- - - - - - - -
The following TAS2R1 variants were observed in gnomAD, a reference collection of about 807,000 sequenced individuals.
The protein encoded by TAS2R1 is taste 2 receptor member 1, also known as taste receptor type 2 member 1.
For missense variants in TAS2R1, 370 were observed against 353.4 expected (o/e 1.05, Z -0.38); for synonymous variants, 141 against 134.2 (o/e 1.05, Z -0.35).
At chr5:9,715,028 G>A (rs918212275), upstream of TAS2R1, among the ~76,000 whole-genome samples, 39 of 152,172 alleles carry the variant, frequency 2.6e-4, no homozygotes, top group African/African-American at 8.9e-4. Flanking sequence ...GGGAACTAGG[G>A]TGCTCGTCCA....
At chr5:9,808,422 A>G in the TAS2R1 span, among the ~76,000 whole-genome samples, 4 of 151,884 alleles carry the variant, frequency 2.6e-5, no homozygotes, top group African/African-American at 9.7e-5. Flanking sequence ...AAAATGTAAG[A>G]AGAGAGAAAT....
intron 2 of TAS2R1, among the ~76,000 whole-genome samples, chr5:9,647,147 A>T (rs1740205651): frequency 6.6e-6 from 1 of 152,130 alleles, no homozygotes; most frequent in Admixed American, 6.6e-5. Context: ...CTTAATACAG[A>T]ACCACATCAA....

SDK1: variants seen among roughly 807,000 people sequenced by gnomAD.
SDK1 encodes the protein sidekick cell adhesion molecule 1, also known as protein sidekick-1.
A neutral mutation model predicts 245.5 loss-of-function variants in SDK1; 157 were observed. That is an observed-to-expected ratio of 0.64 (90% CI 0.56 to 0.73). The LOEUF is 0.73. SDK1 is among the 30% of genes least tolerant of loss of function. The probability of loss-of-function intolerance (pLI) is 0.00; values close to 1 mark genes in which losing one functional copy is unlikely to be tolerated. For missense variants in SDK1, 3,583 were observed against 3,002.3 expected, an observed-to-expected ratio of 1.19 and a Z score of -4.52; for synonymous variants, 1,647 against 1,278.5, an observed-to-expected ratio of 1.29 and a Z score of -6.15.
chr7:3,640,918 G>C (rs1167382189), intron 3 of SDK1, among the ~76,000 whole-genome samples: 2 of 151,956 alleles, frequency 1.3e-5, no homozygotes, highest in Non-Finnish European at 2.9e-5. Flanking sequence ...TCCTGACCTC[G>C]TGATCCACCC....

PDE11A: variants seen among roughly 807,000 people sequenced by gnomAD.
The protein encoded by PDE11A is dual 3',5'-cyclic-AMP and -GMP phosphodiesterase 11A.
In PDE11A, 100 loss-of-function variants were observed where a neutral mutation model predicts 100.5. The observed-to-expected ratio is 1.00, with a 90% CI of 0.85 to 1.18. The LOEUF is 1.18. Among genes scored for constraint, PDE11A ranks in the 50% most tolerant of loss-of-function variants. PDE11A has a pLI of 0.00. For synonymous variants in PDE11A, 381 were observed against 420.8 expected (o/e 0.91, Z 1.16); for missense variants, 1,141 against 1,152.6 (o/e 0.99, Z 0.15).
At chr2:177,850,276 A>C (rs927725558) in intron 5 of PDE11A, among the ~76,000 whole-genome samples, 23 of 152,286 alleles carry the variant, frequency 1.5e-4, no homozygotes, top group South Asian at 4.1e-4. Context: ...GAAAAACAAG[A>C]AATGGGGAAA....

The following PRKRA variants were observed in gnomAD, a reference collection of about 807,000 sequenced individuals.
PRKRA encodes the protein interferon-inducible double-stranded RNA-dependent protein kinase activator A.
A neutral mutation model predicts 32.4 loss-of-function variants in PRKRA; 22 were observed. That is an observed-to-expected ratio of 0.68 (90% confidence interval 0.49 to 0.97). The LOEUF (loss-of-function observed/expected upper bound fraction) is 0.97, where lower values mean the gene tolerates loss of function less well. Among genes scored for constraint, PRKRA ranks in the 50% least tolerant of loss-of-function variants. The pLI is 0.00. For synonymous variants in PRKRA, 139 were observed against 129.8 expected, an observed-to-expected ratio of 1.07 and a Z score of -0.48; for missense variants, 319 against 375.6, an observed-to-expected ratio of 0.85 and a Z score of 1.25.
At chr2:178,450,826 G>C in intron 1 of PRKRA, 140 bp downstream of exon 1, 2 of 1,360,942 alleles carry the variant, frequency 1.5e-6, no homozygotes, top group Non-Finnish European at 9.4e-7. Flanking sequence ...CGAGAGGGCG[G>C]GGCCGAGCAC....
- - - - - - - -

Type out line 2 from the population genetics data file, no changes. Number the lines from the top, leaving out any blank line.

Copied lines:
The protein encoded by TAS2R1 is taste 2 receptor member 1, also known as taste receptor type 2 member 1.